The participants were divided into two groups according to either an age cutoff of 50 years or sex, and into four groups according to age (<40, 40 to 49, 50 to 60, and >60 years old). In addition, the participants were divided into six groups by age (<50 years vs. >50 years) and the degree of body weight change during the 4-year period (<−5%, −5% to 5%, and >5%). We compared the weight loss, lean mass loss, and fat mass loss among these six subgroups based on the lowest quartile.
Data are presented as mean±standard deviation or number with percentages. A one-way analysis of variance and the chi-square test were used to compare changes in the metabolic parameters from the baseline to the 4-year follow-up, as well as the baseline characteristics of the study participants by age and degree of weight change. Tukey B method was used for the post hoc analyses.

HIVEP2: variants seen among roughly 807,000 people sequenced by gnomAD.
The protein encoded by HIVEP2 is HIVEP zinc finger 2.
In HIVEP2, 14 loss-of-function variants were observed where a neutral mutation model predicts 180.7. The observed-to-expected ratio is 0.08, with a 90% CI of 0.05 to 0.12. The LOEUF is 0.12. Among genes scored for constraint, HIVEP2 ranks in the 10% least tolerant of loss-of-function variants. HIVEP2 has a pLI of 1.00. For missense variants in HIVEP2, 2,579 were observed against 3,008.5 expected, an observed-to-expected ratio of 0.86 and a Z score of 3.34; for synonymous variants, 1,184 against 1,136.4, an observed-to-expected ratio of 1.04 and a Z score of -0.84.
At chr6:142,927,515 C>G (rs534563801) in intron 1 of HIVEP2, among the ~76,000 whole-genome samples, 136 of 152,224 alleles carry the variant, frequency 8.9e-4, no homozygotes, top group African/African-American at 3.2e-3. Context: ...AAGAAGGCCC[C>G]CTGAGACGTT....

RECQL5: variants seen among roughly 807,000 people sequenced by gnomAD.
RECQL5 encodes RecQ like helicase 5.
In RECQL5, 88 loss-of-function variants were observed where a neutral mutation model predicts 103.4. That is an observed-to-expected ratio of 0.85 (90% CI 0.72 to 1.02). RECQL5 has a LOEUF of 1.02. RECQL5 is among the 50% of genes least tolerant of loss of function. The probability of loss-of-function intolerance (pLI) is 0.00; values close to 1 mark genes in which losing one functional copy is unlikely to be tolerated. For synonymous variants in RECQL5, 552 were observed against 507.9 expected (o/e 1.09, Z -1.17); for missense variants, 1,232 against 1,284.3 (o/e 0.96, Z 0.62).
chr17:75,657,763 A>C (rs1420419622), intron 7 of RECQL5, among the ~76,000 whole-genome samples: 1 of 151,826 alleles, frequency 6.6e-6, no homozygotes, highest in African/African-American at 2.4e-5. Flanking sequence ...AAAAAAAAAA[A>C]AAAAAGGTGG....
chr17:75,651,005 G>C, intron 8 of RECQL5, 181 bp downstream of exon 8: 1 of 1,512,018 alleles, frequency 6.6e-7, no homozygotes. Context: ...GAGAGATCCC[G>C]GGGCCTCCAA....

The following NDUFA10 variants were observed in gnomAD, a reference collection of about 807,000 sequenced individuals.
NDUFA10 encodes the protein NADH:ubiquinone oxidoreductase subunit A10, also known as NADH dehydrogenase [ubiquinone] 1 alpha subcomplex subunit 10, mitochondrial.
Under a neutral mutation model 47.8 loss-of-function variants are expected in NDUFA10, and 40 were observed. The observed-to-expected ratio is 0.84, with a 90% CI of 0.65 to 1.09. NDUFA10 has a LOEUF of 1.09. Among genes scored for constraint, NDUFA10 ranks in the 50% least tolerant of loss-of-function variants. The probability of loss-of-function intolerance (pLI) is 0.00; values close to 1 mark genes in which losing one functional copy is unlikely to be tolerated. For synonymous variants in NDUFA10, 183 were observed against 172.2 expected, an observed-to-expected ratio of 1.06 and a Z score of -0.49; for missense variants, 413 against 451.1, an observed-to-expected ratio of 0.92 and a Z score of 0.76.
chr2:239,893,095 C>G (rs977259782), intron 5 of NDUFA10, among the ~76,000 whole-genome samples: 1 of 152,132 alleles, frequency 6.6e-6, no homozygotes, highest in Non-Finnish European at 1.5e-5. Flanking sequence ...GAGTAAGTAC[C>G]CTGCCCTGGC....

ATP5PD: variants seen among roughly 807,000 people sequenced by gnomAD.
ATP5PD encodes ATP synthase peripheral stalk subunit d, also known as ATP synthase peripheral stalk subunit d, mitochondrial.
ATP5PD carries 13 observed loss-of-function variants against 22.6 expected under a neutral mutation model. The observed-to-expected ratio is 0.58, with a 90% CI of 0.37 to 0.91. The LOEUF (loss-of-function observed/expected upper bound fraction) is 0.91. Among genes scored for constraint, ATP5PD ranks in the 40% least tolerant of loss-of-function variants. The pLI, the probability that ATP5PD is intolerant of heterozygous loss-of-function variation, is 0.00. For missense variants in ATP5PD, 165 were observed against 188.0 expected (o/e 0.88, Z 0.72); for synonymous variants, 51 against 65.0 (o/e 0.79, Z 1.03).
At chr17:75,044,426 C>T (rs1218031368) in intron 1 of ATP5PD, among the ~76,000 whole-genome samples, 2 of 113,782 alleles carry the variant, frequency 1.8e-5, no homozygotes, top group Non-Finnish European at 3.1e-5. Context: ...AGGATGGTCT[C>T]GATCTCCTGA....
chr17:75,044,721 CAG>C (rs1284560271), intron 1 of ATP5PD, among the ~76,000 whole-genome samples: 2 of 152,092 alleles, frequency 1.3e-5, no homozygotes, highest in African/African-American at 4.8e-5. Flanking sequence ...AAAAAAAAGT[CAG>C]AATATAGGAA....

A logistic regression analysis was performed to evaluate the odds ratio (OR) for a rapid annual decrease in lean mass, defined as members in the lowest quartile of the annual percent change in lean mass among different age groups. The cutoffs for quartile groups of annual percent change in lean mass were as follows: <−0.54%, −0.54% to −0.15%, −0.16% to 0.23%, and >0.23% in men; <−0.67%, −0.67% to −0.25%, −0.26% to 0.17%, and >0.17% in women. A stepwise regression model was used for this analysis.
PASW Statistics version 23.0 (IBM Co., Armonk, NY, USA) was used for the statistical analyses. All reported P values are two-tailed, and a P value <0.05 was considered statistically significant.


The general characteristics of the participants at baseline are presented in Table 1. The mean age of the participants was 39 years, and 59.5% were men. The mean BMI of the participants was 23.3 kg/m2, or slightly overweight.

Changes of metabolic parameters at baseline and 4-year follow-up according to age cutoff of 50 years and gender